My name is Seth Giles. I live in Phoenix, AZ. I ran across your website and found it interesting. It provoked some thought and a line of inquiry I thought I might run by you and see what you think. I sounded like you are open to some conversation.
If science education has not progressed as it should over the past 50 years, perhaps we need a different approach. You mention that the schools (classroom facilities) are not what they should be, and that the educator’s expertise is generally lacking due to the focus on teaching skills rather than content knowledge. That seems to be true. I have a son who is in high school and at home he plays video games with other people around the world at the same time that he is texting friends, emailing, listening to his IPOD, eating, and ….. But in the classroom he is expected to read quietly or put his head down– and this is at a high-performing high school.
Perhaps the traditional institution/classroom/teacher model is the heart of the problem. What if we lessened/changed the teacher’s role in education and instead fed the students with ideas that they could pursue with the help of a mentor/instructor, but got out of the way. I don’t mean Montessori, but instead of institutionalizing students, break a rock. Legal and environmental concerns also seem to have put a damper on what schools are willing to try out of fear of a lawsuit.
Scientific discoveries are not made by timid people who are afraid of getting laughed at or being sued. Flying a kite in a thunder storm, risking yourself with a disease to find a cure, strapping yourself into a plane that will exceed the conventionally accepted limits, or sitting on top of a rocket to be blasted off into space is not the mindset we allow or promote in education today.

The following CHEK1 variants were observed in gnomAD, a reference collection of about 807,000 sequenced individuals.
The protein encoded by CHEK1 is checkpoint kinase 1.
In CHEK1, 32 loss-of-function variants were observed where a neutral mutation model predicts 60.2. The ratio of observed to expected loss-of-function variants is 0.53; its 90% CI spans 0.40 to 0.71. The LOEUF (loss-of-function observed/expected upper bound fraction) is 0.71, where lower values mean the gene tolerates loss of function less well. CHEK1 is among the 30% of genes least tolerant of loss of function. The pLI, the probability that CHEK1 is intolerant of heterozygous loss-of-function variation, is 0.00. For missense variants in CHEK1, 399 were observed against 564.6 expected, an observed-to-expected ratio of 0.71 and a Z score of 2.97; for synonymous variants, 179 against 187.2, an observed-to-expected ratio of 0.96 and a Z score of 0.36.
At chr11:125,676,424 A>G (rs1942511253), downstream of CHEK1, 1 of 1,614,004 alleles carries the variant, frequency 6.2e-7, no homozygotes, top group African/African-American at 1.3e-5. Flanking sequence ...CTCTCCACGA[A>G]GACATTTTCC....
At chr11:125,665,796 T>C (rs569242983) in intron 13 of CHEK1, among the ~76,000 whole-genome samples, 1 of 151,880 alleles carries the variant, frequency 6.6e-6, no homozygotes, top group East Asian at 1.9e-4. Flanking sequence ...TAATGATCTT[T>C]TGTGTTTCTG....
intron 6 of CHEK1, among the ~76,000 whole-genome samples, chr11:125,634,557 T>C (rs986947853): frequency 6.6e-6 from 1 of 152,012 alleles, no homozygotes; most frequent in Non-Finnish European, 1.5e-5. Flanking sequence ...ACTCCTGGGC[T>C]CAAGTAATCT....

It seems difficult to change education in America today because there is so much investment in the way things are. Buildings, tax structure, teacher unions, school boards, textbook companies, etc. It would seem that the solution has to be something like the Netscape or Google approach. Offer an alternate approach to the outcome and let em at it. The face of business has changed from the Sears catalog- to downtown- to the mall- to the internet. Farming has changed from small local producers to global international producers and hydroponic facilities for year-round output. Party lines to cellphones, Facebook, and email communication. Everything has changed, but we still expect our children to sit still.
When I was a kid, I could order fuse in bulk from the back of Popular Science and buy chemicals for my chemistry set from the local hobby shop. Today, I would be surprised if the science teacher could purchase those same chemicals without an environmental impact report and if you bought fuse, you would probably be considered a national security risk.
My mother grew up on the homestead and the horse took her and her brothers to school. They filled the basement with snow for an icebox, brought water in from the well, and cooked on a coal stove with coal they dug up from the basement floor in wintertime. Today, she can microwave a cup of coffee in one minute and fly across the country to visit family in three hours. She doesn’t own a horse anymore.
Teachers always say, “Think outside of the box.”, but education doesn’t seem able to do that. Everything has changed, but the educational system. It seems as though the solution to significant science interest and growth has to come from outside the existing educational system or from a catalyst that has such an impact on the system that it forces dynamic change like the Soviet space race did for technology.
What kind of out-of-the-box event/approach do you think it will take or is possible to accomplish the needed change and how could we allow it to happen?
I would be interested in your thoughts.